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Thread: Aircraft Damage Categories 1945/46

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    Default Aircraft Damage Categories 1945/46

    I ahve a list of aircraft damage catecories 1941 to 1952, but have recently found a'new' one, not on my list. 'Category A' relates to 'Aircraft can be repaired on site'. However, the new one is (or at least looks like) 'Category AR'.

    Can anyone confirm what it is? Or is it just a new designation for the above? Date I have for its use is September 1945.

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    Could you forward me the list of Damage categories, I am interested in the class C, that I beleive the lancaster my father was in was given after a forced landing at Manston.(after a mission to the gremburg MY ast Cologne December 1944)
    Paul H
    prherodATwaitrose.com

    Thanks.

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    The following word document from the RAF Museum is a good primer for the category/date of usage

    http://www.rafmuseum.org.uk/research/default/archive-collection/aircraft-records.aspx

    (scroll down down and click on either the pdf or word document)

    Regards
    Ross
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    Those listed on the RAF Museum document are the same as I have, although I have a note of these prefixes:

    FB - Operational Loss
    GA - Ground Accident
    T - Technical Cause
    EA - Enemy Action

    These came off a document at the National Archives about 20 years ago.

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    FB is Flying, Battle and is used to denote damage due to enemy action and used to differentiate from FA (Flying, Accident) ie damage not due to enemy action.

    An operational loss could be caused by events other than enemy action.

    An example is a Hudson denoted as FA which, although on on operational flight, crashed due to the pilot not being tall enough to reach the fuel cocks and switch them over before the engines cut due to fuel starvation.

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    Ross
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    I agree, although thats 'as was' on the PRO document...

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    Hello Airman 1

    It would seem that you got your categories from Appendix 2, pages 118 & 119 from PRO Readers' Guide No 8 "RAF Records in the PRO", I have seen the ones you listed (in your post #4) are identical to p.119.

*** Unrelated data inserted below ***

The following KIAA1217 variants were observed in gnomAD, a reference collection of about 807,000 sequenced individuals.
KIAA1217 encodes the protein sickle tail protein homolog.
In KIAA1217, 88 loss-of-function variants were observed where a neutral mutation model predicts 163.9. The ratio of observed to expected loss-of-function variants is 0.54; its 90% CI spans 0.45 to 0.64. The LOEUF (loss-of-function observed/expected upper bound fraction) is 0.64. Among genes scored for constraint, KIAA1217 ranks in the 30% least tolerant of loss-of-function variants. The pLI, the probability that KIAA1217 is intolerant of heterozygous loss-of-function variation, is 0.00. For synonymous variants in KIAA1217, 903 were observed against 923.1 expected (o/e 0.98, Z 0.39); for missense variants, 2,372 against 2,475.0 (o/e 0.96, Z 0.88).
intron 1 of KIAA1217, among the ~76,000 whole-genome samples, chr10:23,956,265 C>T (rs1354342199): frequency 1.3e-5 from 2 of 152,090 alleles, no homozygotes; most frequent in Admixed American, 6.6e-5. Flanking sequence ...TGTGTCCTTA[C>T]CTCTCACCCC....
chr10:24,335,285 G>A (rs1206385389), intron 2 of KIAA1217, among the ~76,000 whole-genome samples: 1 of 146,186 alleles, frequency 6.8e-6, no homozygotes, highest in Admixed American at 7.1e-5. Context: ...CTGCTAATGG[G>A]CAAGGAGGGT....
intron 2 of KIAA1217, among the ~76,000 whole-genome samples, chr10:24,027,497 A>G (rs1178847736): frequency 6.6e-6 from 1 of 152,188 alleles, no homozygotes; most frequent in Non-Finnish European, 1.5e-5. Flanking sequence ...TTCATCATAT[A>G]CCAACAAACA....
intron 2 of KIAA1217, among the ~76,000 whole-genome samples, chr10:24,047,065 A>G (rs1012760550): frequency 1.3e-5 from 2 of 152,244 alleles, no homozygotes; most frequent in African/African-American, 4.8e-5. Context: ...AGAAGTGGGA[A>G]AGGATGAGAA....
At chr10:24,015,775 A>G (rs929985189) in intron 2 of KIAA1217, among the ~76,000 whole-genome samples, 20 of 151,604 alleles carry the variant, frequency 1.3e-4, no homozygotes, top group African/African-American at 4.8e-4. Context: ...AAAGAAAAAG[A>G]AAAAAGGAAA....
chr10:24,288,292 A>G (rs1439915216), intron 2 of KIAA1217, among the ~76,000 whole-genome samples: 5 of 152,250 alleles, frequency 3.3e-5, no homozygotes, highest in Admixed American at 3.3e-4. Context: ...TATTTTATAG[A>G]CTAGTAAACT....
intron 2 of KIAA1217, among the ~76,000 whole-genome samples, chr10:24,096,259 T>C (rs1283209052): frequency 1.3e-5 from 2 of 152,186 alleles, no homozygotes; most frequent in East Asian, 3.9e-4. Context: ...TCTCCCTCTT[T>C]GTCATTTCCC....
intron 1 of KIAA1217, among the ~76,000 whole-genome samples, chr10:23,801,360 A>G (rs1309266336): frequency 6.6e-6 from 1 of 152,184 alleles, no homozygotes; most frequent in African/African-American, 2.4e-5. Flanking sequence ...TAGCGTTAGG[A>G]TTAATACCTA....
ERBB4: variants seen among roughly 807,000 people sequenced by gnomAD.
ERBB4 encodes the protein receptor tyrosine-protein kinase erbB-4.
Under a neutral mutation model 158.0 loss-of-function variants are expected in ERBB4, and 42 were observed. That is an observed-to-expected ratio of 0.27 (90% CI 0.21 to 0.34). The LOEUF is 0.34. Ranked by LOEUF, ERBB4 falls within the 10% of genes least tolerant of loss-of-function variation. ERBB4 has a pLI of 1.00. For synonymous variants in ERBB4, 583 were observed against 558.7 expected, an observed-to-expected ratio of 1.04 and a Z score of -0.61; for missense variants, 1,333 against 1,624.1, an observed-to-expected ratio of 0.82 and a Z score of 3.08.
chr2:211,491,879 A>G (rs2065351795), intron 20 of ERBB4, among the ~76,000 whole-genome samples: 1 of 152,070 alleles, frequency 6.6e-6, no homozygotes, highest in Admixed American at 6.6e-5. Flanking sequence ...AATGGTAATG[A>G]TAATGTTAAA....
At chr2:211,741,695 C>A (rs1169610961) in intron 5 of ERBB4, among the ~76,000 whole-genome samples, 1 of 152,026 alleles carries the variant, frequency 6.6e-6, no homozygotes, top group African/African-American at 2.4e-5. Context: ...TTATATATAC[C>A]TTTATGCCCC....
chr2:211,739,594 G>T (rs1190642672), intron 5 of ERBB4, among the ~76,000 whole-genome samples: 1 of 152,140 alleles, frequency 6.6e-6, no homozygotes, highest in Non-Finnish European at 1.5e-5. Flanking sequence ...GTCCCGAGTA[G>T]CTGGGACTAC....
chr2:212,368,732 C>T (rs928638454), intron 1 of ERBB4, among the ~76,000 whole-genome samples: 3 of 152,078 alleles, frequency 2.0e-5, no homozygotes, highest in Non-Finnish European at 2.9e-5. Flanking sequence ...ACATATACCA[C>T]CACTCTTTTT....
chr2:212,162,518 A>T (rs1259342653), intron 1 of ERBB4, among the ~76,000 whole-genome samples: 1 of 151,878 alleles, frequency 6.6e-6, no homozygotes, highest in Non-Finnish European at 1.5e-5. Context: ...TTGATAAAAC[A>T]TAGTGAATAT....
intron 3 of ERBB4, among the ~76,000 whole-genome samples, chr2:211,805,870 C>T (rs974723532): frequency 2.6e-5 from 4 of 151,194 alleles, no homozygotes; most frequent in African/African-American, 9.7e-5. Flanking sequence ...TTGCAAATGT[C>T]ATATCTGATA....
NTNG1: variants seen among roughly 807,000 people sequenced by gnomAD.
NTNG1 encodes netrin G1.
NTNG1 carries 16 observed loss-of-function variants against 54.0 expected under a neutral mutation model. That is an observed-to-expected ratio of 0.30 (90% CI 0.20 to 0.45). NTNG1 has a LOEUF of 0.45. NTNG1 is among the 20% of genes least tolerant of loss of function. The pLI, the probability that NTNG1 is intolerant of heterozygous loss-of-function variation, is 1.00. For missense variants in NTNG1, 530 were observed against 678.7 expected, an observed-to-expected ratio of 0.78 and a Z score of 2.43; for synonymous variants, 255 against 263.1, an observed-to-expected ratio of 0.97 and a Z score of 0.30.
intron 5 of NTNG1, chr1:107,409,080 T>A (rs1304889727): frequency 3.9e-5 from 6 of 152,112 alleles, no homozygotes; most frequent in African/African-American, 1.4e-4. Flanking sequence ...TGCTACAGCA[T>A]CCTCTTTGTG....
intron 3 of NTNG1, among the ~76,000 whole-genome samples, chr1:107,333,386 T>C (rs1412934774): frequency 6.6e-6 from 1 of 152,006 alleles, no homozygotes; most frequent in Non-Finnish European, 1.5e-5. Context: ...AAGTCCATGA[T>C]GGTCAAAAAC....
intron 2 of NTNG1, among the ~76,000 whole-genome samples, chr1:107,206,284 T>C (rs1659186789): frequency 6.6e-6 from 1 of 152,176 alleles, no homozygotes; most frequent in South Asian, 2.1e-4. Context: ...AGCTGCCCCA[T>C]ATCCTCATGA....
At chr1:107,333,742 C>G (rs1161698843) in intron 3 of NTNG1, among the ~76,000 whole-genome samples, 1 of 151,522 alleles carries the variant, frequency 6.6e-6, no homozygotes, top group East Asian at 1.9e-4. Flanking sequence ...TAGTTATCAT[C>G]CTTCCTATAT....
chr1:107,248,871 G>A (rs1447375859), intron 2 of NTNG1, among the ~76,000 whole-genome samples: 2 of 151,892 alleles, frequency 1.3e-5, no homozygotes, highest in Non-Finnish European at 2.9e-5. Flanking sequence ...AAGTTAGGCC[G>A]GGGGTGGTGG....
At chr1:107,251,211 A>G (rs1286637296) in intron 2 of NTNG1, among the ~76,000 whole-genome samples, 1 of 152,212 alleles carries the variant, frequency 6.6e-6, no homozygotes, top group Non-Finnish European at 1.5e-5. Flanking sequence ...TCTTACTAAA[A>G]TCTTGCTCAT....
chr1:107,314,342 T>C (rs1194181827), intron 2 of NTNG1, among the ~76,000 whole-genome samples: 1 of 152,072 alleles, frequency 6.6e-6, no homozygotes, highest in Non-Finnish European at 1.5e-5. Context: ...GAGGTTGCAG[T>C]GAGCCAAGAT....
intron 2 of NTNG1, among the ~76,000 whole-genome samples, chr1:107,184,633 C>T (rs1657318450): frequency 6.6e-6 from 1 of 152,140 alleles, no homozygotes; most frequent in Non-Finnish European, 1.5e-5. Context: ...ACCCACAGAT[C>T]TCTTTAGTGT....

However, according to the official Air Ministry War Manual A.P. 1301 of 1939, Ross is correct.
    FB = "Flying Battle casualty"

    I noted in a later WW2 Air Ministry War Manual that "FB" was used for both "Flying Battle casualty" and "Flying Battle casualty operational loss"

    Incidentally, some friendly fire incidents were categorised as FB it seems, as the official paperwork regarding my Grandfather's aircraft loss which struck a balloon cable immediately before they crash landed, has "FA" initially on the first signal, followed by "FB" on all the later Signals. The No. 4 Group ORB states that one of the two Whitley aircraft which struck a balloon cable that morning had been engaged by friendly fire, but not damaged.

    Therefore, it appears that "FB" was used to denote any "Flying Battle casualty" with the enemy and also your own side too on occasions.

    There was also a Loss Card for the crew which the RAF Museum stated were only completed when enemy action was being blamed.

    Incidentally, the 2nd Pilot got out of the aircraft after crash landing and it is interesting to note that the Royal Air Force Roll of Honour in The Times, London has the 2nd Pilot in a separate list as "Killed on Active Service"..."on the Ground Through Enemy Action". The other 4 crew are "Killed in Action (while flying in operations against the enemy)".

    On the Accident Card it has AO = "Air Operations".

    The loss of the aircraft is "AO" (Air Ops) as it was not damaged in the Flying Battle, but the crew casualties in the file are officially "FB" ("Flying Battle Casualty").

    The identity of the other aircraft involved remains a total mystery, the MoD claim the accident ('A' numbered) file is destroyed and only have the 'P' numbered file and I should like to know! I have been told by one of the other families of the crew who learned from an official after the war that the Whitley was involved in an incident over the English Channel and only just made it back before crashing.

    A local family were told by the balloon crew that the Whitley had been hit by enemy fire, had veered to miss their house, striking a balloon cable and that the Pilot was a hero in avoiding the two houses and crash landing just opposite the house, one of which had a family of nine.

    But the only action recorded by No. 4 Group is friendly fire! Also, in AIR 14/363 for the No. 4 Group Whitleys, August 1940 list there are no Whitley aircraft attributed to enemy fire on this op!

    Mark
    Last edited by Mark Hood; 25th August 2012 at 22:12.

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